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OSCON Keynote Reviews

July 29th, 2008 by tamuwebmaster

I just got back from OSCON on Sunday and after readjusting my internal clock, I’m back in action. I came back with a lot of great ideas and a better understand of the Free/Open Source software community. I stayed mostly on the PHP track while there, but I went to some other interesting sessions as well. To start, I’ll review the keynotes I attended and what they mean for me and higher education as a whole. The first keynotes talked about mobile computing, privacy, and Web 2.0.Wednesday’s keynote speakers were Tim O’Reilly, Christine Peterson, and Dirk Hohndel. They all had unique and interesting things to say, and they were all looking forward to more participation from the open source community in the future of computing and politics.


Tim O’Reilly recapped his talk from the year before and talked more about Web 2.0. Erick has talked enough about Web 2.0 from his conference and all of what he said was reiterated by Tim as well. Web 2.0 is about user participation in technology. He spoke of mobile computing and social media.

Christine Peterson talked about physical security and the cross section of government and open standards. She stressed that we should not give the government full control over security and thus enable a “surveillance state”. Instead, she is looking to the open source community to enable citizen-centric, open security standards and participation. This includes data collection and sharing, and things like open source voting system standards.

Finally, Dirk Hohndel spoke about mobile computing and the Moblin project. This is linux on mobile devices such as cell phones and PDAs. He contents that mobile computing should also be the realm of open source software and community and that projects such as this are user driven and therefore answer to a broader group of people and their needs.

Meaning and Higher Education

In higher education, I think we’re lagging behind on the mobility aspect and we need to start looking at how mobile computing affects our users. Students entering college these days grew up with the ability to look up restaurants and entertainment on their phones, and they expect their experiences here to be the same, if not better. We need to start publishing mobile content in the first place, and make sure it follows open standards and is easily accessible. I think this will further our goals of reaching the broadest audiences possible and becoming “on demand”. Instead of making phone calls, students use twitter or blog to let their friends know what they are doing. This is an on demand, push style update, and the higher education community needs to learn how to leverage this to their advantage.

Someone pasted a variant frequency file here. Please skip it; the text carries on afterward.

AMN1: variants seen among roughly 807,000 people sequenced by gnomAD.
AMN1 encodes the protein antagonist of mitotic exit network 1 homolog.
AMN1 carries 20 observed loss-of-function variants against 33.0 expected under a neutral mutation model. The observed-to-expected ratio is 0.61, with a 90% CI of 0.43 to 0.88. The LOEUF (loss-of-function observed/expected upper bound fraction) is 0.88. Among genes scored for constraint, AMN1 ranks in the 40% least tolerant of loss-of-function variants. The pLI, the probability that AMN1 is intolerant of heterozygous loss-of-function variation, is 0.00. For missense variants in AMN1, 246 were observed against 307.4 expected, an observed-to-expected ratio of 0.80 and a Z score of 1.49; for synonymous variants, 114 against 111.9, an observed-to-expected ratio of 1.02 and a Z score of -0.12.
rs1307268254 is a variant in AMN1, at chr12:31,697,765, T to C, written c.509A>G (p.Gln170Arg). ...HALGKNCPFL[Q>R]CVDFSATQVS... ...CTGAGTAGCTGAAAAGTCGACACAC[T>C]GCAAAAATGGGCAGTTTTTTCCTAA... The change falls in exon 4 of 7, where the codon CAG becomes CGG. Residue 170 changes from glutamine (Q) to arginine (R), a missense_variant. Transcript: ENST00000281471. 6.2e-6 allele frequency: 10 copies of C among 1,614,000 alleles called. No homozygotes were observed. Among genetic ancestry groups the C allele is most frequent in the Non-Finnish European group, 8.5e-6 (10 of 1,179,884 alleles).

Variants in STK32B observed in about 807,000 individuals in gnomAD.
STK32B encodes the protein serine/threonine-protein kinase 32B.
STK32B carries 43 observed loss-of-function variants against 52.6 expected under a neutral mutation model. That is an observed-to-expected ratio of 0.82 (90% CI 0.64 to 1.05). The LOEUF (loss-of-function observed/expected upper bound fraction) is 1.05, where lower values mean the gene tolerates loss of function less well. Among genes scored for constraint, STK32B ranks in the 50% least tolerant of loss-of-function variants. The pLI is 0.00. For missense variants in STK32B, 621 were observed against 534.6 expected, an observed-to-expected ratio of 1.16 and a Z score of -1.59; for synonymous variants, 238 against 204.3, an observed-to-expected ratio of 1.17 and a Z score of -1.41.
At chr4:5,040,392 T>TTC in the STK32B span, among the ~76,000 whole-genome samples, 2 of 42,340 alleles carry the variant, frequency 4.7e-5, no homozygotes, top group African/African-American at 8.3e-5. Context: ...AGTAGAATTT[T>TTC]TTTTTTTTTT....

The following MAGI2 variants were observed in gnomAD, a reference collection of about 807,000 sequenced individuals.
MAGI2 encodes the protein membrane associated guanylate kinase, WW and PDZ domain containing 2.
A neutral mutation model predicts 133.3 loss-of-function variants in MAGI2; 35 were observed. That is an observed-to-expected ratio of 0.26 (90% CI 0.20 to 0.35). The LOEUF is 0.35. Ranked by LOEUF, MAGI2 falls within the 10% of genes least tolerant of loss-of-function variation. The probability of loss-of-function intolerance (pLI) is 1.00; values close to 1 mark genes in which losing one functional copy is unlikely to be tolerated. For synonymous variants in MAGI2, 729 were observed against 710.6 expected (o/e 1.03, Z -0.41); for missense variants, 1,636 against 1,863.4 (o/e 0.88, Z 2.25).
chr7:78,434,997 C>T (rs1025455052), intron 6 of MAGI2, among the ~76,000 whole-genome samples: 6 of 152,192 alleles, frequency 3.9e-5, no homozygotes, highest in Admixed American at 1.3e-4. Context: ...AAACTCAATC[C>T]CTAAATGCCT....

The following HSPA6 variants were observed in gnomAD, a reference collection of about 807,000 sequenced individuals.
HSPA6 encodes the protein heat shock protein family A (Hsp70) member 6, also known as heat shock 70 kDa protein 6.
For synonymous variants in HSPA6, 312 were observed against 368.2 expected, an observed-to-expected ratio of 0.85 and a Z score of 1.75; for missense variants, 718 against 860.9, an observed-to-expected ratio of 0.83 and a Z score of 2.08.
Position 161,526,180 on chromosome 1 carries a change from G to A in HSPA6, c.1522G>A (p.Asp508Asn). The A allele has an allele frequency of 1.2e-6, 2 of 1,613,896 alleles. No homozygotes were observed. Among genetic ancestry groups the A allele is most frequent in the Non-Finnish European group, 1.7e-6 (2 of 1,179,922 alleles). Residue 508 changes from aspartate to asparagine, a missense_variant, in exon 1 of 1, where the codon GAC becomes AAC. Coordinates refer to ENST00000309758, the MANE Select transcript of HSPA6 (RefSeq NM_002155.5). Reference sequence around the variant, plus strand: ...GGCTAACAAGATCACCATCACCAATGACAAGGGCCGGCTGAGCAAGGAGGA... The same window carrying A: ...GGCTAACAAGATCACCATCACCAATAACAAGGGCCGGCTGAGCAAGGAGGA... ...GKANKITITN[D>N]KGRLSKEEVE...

As a state funded university, A&M already knows about open records, but do we truly share data? I think this is somewhere A&M in particular could really improve. Collaboration and open data would make this university far more able to move swiftly and react to patterns found across datasets. As it is, each part of campus works with a small finite set of data and it limits their ability to see broader trends across other groups. As a whole, I would like to rant about the lack of community and collaboration in the IT areas of campus, and I think sharing data openly would change this a lot!

Finally, Christine Peterson gets special note because she really drove home the fact that the electronic voting debacle should have been avoided entirely by having open software and data processing standards used in voting machines across the country. She worries that without community participation the government will work itself into a vacuum of bad ideas and decisions regarding privacy and surveillance.

I could not agree more! And I think that higher education in particular has to contribute to this movement. We have both the old guard and the next generation here and these two together give universities a unique platform from which to pull ideas from both. Experience and expectation can be combined here and could shape the future of this country. BUT, it has to start with sharing data and making it accessible. So, I refer back to my first two paragraphs on this and let you ponder how that will work.

Tuesday, July 29th, 2008 Miscellaneous
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